Convergence or Divide in the Movement for Sustainable and Just Agriculture

  • Miguel A. AltieriEmail author
Part of the Sustainable Agriculture Reviews book series (SARV, volume 9)


‘Greening’ the green revolution will not be sufficient to reduce hunger and poverty and conserve biodiversity. The increasing cost of oil and fertilizers, and the deterioration of the climate and global ecology are key factors that undermine the capacity of humankind to feed itself. This phenomena became evident when the ‘perfect storm’ occurred in 2008 with the alarming rise in the cost of food that sent an additional 75 million people to the world’s line of hungry people. Disregarding the above issues the ruling international agricultural class continues asserting that food production will have to be increased by 70% by the year 2050. The threat to global food insecurity is the direct result of the industrial model of agriculture ­characterized by large-scale monocultures tailored for the export markets. We need an alternative agricultural development paradigm, one that encourages more ­ecologically, biodiverse, sustainable and socially just forms of agriculture.

Strategies are needed which lead to the revitalization of small and medium sized farms, and point the way towards the reshaping of the entire agricultural policy and food system in ways that are economically viable to farmers and consumers. Proposed ‘sustainable intensification’ is ideologically buttressed by intellectual projects to reframe and redefine agroecology by stripping it of its political and social content and promote the wrong notion that agroecological methods can co-exist alongside the aggressive expansion of transgenic crops and agrofuels. Many environmental and advocacy groups privilege those with access to capital and perpetuate an ‘agriculture of the poor for the rich’. The technological determinism that the organic agriculture movement emphasizes via development and dissemination of low-input or appropriate technologies is not only naïve but dangerous, as it assumes these technologies in themselves have the capability of initiating beneficial social changes.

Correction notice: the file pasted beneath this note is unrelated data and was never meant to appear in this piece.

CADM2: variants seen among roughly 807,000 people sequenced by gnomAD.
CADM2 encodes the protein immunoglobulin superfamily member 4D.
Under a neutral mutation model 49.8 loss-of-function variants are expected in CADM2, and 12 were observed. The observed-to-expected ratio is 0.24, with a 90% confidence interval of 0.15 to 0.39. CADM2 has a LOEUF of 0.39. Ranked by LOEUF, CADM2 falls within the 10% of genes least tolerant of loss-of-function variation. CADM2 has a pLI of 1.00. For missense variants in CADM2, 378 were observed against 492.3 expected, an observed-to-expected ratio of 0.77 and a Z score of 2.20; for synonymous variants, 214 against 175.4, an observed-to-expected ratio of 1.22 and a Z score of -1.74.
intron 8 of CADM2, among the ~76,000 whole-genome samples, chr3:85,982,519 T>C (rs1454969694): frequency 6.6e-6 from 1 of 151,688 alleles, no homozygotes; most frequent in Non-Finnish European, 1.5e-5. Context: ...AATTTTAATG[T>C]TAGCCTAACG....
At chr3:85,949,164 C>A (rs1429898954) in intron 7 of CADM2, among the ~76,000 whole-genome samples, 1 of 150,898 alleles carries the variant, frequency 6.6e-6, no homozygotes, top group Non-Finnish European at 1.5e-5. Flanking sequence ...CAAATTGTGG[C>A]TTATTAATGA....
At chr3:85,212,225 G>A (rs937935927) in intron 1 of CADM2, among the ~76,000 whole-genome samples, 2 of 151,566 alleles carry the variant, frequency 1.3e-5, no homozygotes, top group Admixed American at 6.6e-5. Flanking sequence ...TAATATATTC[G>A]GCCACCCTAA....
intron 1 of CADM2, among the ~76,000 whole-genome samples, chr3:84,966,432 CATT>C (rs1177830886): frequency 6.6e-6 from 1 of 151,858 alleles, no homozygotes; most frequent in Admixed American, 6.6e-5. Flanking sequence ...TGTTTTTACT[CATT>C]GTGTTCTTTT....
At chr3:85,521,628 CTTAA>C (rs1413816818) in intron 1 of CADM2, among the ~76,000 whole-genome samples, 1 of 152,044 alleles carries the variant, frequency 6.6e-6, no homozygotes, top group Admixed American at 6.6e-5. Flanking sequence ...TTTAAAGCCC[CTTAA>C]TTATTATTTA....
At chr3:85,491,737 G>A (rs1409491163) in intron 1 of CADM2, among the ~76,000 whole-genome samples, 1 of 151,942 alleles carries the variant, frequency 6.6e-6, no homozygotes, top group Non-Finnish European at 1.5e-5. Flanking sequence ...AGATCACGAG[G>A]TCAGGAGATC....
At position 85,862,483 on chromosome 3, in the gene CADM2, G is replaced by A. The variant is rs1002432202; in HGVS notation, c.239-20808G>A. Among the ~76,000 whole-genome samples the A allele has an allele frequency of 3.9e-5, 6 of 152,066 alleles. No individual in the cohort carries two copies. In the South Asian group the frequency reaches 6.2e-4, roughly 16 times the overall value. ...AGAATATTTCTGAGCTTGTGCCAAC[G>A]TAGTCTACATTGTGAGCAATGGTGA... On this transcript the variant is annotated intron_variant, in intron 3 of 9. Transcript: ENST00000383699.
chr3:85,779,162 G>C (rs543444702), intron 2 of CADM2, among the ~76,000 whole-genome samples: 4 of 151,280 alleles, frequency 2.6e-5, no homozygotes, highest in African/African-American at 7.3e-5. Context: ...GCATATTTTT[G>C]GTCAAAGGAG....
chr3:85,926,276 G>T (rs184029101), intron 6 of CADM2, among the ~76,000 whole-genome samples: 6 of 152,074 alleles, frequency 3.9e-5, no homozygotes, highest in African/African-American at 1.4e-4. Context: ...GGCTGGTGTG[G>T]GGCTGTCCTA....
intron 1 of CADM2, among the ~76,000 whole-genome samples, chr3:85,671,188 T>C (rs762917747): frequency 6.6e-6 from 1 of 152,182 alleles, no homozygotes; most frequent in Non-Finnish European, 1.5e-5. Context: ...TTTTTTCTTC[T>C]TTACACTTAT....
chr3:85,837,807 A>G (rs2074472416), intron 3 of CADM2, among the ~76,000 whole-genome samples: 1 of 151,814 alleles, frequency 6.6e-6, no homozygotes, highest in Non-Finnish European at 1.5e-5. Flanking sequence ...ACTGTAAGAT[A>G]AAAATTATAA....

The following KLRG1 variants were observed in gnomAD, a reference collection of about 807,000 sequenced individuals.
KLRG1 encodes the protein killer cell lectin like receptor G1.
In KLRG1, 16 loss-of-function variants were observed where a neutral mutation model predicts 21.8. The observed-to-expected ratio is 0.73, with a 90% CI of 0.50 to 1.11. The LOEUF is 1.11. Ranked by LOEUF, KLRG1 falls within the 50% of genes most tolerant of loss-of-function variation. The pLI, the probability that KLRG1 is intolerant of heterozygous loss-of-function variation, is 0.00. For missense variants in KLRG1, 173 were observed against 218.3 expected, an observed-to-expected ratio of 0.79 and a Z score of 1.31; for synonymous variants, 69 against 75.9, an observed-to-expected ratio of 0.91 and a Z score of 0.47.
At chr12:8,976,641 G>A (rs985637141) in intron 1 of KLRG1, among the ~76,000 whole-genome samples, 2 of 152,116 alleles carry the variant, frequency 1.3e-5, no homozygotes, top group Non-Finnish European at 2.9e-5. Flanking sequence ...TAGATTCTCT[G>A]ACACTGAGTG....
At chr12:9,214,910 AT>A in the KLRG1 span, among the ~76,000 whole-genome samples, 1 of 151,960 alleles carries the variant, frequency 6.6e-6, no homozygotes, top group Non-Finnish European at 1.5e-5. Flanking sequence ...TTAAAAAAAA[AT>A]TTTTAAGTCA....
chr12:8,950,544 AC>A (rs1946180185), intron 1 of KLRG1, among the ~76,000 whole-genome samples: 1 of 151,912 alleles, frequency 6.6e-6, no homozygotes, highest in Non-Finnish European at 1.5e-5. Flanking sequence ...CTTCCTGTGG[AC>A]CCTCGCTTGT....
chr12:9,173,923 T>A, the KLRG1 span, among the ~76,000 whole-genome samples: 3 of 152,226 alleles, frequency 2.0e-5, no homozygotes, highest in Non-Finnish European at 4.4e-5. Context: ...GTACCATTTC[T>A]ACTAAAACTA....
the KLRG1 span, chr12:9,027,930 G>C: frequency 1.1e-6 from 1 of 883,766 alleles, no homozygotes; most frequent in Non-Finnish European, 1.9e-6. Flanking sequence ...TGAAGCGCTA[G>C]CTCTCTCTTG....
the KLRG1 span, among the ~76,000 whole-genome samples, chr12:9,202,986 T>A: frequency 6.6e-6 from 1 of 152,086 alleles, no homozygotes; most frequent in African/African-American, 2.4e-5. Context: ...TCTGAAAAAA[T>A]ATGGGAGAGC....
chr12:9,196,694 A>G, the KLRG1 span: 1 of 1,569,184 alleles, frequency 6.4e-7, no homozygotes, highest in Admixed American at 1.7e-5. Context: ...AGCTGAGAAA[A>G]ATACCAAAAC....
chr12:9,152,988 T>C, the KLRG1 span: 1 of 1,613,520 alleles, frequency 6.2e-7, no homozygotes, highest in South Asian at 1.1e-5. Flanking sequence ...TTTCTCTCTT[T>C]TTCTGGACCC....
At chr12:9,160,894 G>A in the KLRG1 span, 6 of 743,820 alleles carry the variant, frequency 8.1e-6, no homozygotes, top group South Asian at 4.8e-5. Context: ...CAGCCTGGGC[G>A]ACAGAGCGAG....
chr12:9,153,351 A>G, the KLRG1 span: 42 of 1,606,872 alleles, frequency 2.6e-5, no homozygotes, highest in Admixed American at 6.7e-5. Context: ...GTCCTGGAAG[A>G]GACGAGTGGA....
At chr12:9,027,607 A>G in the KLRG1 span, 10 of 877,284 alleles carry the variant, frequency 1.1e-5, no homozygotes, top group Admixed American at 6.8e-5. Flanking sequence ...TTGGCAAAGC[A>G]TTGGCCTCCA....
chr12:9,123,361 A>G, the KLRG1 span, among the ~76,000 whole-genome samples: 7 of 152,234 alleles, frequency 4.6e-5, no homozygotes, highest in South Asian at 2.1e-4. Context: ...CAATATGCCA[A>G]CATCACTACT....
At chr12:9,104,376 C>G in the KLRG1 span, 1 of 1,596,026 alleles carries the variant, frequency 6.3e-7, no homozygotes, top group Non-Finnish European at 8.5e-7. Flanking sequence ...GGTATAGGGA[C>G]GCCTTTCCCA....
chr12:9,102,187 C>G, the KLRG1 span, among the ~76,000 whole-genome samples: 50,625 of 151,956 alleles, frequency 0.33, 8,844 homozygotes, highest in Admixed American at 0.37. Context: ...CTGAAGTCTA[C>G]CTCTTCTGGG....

A more radical transformation of agriculture is needed, one guided by the notion that ecological change in agriculture cannot be promoted without comparable changes in the social, political, cultural and economic arenas that determine agriculture. In the end the new crisis is just a new face of the old rural crisis derived from the almost total control of the food system by transnational capital aided by neoliberal programs implemented by many governments. It is imperative to realize that out-of-control trade liberalization is the key mechanism driving farmers off their land and the principal obstacle to local economic development and food sovereignty. It is also crucial to understand that a key enemy of farmers is low prices. Moving towards a more socially just, economically viable, and environmentally sound agriculture will be the result of the coordinated action of social movements in the rural sector in alliance with civil society organizations that are committed to supporting the goals of farmer’s movements.


Food Security Food System Fair Trade Transgenic Crop Food Sovereignty 
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Copyright information

© Springer Science+Business Media B.V. 2012

Authors and Affiliations

  1. 1.Department of Environmental Science, Policy, & ManagementUniversity of California BerkeleyBerkeleyUSA

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